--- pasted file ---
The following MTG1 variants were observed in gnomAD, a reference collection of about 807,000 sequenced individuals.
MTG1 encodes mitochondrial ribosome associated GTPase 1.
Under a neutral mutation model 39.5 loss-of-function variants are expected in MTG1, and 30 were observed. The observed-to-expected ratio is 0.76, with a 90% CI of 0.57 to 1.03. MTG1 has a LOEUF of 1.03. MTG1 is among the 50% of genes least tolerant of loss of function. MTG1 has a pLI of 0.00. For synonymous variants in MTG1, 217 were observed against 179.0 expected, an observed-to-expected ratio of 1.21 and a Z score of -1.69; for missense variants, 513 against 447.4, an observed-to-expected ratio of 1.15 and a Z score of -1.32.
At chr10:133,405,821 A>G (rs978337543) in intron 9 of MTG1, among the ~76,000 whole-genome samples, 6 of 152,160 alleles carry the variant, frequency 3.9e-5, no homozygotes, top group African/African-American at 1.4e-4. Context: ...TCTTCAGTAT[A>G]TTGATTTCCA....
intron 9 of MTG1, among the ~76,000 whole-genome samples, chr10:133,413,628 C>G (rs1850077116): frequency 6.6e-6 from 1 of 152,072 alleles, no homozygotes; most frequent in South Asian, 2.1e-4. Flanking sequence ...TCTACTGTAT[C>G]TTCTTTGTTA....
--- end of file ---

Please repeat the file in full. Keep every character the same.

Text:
The following MTG1 variants were observed in gnomAD, a reference collection of about 807,000 sequenced individuals.
MTG1 encodes mitochondrial ribosome associated GTPase 1.
Under a neutral mutation model 39.5 loss-of-function variants are expected in MTG1, and 30 were observed. The observed-to-expected ratio is 0.76, with a 90% CI of 0.57 to 1.03. MTG1 has a LOEUF of 1.03. MTG1 is among the 50% of genes least tolerant of loss of function. MTG1 has a pLI of 0.00. For synonymous variants in MTG1, 217 were observed against 179.0 expected, an observed-to-expected ratio of 1.21 and a Z score of -1.69; for missense variants, 513 against 447.4, an observed-to-expected ratio of 1.15 and a Z score of -1.32.
At chr10:133,405,821 A>G (rs978337543) in intron 9 of MTG1, among the ~76,000 whole-genome samples, 6 of 152,160 alleles carry the variant, frequency 3.9e-5, no homozygotes, top group African/African-American at 1.4e-4. Context: ...TCTTCAGTAT[A>G]TTGATTTCCA....
intron 9 of MTG1, among the ~76,000 whole-genome samples, chr10:133,413,628 C>G (rs1850077116): frequency 6.6e-6 from 1 of 152,072 alleles, no homozygotes; most frequent in South Asian, 2.1e-4. Flanking sequence ...TCTACTGTAT[C>G]TTCTTTGTTA....